From Grain to Loaf

This document is a planning space for the From Grain to Loaf Community Led Learning session. As the document evolves it will be a resource for the several collaborating instructors/facilitators and a resource for the parents of the children involved with the session.

This document is public at

https://docs.google.com/document/pub?id=18lFq2ncW2t3ITh3Kv27E75-YctQsiOc2guxMVhVtmtM

Dates: Wed April 13 - May 18 , 2011 (schedule below) 12:30 - 2:45 PM

The Blurb for the CLL Catalog

Title: From Grain to Loaf

We will start from wheat and explore threshing and grinding and compare different wheat varieties and how our flour compares to commercial flour. Then we'll probe a little into the science of yeasty beasties and begin discovering gluten. Our partners include the USDA’s Western Wheat Quality Lab at WSU and Panhandle Artisan Bread company of Moscow. We will work “Julia Child fashion” on various parts of the baking process each week. While our bread is in the oven (solar and mud ovens we hope) we'll look at alternatives to gluten. For our celebration the Bakery will make some bread with our recipes that we can share with the school.

Instructor/Facilitators

Nils Peterson

Nels Peterson - Panhandle Artisan Bread

Eric Wegner - USDA/WWQL

Betty Smith

Sharon Cousins - solar ovens

Sue Campbell Clark

Debi Robinson-Smith

Learning Targets

I can make bread

I can explain what makes bread rise

I understand gluten and gluten substitutes

I understand the nutritional differences between whole and white flour

I understand the role of time in making bread

DRAFT Schedule - recipe below

April 13

Threshing and grinding. Making flour. Varieties of Wheat. Kinds of milling methods.

Facilitators: Eric Wegner & Nils Peterson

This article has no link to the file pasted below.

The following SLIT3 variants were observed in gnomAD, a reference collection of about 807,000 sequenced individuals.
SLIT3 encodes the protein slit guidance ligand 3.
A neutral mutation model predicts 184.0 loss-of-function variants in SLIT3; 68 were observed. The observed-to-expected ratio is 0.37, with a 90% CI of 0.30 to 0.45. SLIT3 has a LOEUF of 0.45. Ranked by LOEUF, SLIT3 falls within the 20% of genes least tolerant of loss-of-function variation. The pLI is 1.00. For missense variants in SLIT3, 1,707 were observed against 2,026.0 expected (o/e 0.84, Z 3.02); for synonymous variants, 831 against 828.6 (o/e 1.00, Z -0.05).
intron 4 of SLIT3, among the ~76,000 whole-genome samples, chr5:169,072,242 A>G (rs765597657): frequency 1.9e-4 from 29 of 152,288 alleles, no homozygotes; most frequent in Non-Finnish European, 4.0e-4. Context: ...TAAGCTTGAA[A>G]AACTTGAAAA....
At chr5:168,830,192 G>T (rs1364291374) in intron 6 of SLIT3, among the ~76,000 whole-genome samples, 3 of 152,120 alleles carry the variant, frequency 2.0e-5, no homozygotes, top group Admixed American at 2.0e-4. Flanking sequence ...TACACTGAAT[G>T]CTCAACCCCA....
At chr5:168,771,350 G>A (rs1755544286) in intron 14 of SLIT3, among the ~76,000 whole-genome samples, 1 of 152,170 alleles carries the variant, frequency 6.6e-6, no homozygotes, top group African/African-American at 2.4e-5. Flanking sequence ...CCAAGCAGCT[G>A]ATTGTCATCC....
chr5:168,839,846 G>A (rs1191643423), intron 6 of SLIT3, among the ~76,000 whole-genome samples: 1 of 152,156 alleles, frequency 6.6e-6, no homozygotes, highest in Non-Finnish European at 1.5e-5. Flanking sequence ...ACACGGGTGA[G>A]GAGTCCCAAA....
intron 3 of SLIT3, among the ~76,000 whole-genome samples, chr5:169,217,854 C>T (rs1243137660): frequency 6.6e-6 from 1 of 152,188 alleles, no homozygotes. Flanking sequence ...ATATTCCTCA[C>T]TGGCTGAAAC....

BBK/Mystery Piece

Examine various kinds of bread, note differences: Ciabata, 50% whole wheat, whole wheat, multi-grain, sour dough, baguette (from Panhandle Bakery). Might like to have samples of, gluten free, chapati (unleavened)

Materials:

Heads of wheat for manual threshing

Manual threshing tools

Winnowing basket

Various mills for grinding (have a pin mill and stone mill and mortal and pestle (an indian artifact)

Butcher paper for students’ concept maps also helps contain mess of threshing

gluten balls (premade)

dough balls per child(premade ⅓ c flour ⅙ c water)

containers to take dough balls home

Globe - trace the migration of wheat from fertile crescent (requested)

White Board/ Poster Paper + Markers for facilitator

Cutting board and bread knife

Activities/ Ideas

* Historical implications of farming vs hunter gathering on social development (brief)

* Build concept diagram - what do you know about bread?

* Hand out samples of kinds of bread. It would be great if the samples were pre-cut and pre-labeled on paper plates

* Start looking at various kinds of bread, what do you see? Use all 5 senses. Can you categorize the breads into some groups? These will illustrate the different crumbs (interior/gluten development) you can get using different flours and different crusts

* Add to concept diagram

* What is flour? How is it made?

Manual threshing

Winnowing basket

Various means for grinding

Sift the flours; Discussion of bran and nutrition

Difference between soft white and hard red wheat

        looks different in the kernel

        gluten balls feel different (First introduction to gluten & kinds)